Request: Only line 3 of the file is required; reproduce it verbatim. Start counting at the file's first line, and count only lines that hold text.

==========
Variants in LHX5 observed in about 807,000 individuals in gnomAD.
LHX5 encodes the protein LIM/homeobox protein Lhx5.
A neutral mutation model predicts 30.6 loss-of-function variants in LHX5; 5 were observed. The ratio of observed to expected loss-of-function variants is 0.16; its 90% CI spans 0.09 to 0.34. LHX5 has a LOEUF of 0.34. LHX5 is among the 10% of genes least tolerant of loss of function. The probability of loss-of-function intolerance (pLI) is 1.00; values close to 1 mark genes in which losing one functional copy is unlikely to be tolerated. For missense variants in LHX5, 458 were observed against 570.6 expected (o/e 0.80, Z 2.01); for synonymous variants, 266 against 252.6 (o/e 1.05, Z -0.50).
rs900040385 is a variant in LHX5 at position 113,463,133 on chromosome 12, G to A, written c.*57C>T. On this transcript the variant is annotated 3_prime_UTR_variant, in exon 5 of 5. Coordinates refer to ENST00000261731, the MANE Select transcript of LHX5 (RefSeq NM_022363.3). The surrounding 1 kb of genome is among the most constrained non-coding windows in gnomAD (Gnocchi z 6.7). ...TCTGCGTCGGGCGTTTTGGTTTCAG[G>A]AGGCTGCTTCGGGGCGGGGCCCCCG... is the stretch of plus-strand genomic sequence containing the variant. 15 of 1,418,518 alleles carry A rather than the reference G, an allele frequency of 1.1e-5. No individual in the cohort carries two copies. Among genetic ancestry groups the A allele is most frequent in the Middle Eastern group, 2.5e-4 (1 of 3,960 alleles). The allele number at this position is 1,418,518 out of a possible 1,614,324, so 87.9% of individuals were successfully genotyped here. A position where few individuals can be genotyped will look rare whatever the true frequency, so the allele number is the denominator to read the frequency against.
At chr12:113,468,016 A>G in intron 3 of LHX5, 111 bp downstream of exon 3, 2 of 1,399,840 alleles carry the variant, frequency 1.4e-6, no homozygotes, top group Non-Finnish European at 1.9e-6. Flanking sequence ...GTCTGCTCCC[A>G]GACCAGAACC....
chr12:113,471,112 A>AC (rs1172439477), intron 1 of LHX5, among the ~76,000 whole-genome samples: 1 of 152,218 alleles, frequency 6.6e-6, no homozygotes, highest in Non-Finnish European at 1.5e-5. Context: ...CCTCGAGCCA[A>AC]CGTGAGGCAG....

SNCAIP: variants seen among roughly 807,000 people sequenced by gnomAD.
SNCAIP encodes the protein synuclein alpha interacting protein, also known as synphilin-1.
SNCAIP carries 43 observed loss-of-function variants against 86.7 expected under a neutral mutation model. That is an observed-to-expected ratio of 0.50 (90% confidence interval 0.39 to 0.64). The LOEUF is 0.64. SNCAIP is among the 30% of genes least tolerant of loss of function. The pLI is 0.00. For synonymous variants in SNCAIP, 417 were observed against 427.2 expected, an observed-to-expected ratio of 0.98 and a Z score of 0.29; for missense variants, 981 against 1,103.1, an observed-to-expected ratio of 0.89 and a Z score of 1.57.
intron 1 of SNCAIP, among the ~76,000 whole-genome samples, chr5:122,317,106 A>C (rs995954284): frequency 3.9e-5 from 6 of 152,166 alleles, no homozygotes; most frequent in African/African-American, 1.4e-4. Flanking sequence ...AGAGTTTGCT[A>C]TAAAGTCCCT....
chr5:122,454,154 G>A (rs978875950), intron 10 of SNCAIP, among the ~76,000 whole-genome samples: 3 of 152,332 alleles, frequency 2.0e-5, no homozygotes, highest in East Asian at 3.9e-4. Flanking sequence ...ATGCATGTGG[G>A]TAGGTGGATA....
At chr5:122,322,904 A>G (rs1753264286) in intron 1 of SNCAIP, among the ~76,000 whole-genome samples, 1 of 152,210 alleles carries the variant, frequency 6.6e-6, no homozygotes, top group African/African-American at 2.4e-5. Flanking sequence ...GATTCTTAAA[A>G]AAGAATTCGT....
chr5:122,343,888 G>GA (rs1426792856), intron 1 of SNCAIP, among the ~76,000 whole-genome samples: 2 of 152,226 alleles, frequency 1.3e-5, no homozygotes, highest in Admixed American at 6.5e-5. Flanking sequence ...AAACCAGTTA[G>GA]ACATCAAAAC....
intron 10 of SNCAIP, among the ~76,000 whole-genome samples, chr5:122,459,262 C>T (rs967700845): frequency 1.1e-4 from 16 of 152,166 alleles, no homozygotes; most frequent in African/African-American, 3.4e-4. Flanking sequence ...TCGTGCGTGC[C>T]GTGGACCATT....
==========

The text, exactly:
A neutral mutation model predicts 30.6 loss-of-function variants in LHX5; 5 were observed. The ratio of observed to expected loss-of-function variants is 0.16; its 90% CI spans 0.09 to 0.34. LHX5 has a LOEUF of 0.34. LHX5 is among the 10% of genes least tolerant of loss of function. The probability of loss-of-function intolerance (pLI) is 1.00; values close to 1 mark genes in which losing one functional copy is unlikely to be tolerated. For missense variants in LHX5, 458 were observed against 570.6 expected (o/e 0.80, Z 2.01); for synonymous variants, 266 against 252.6 (o/e 1.05, Z -0.50).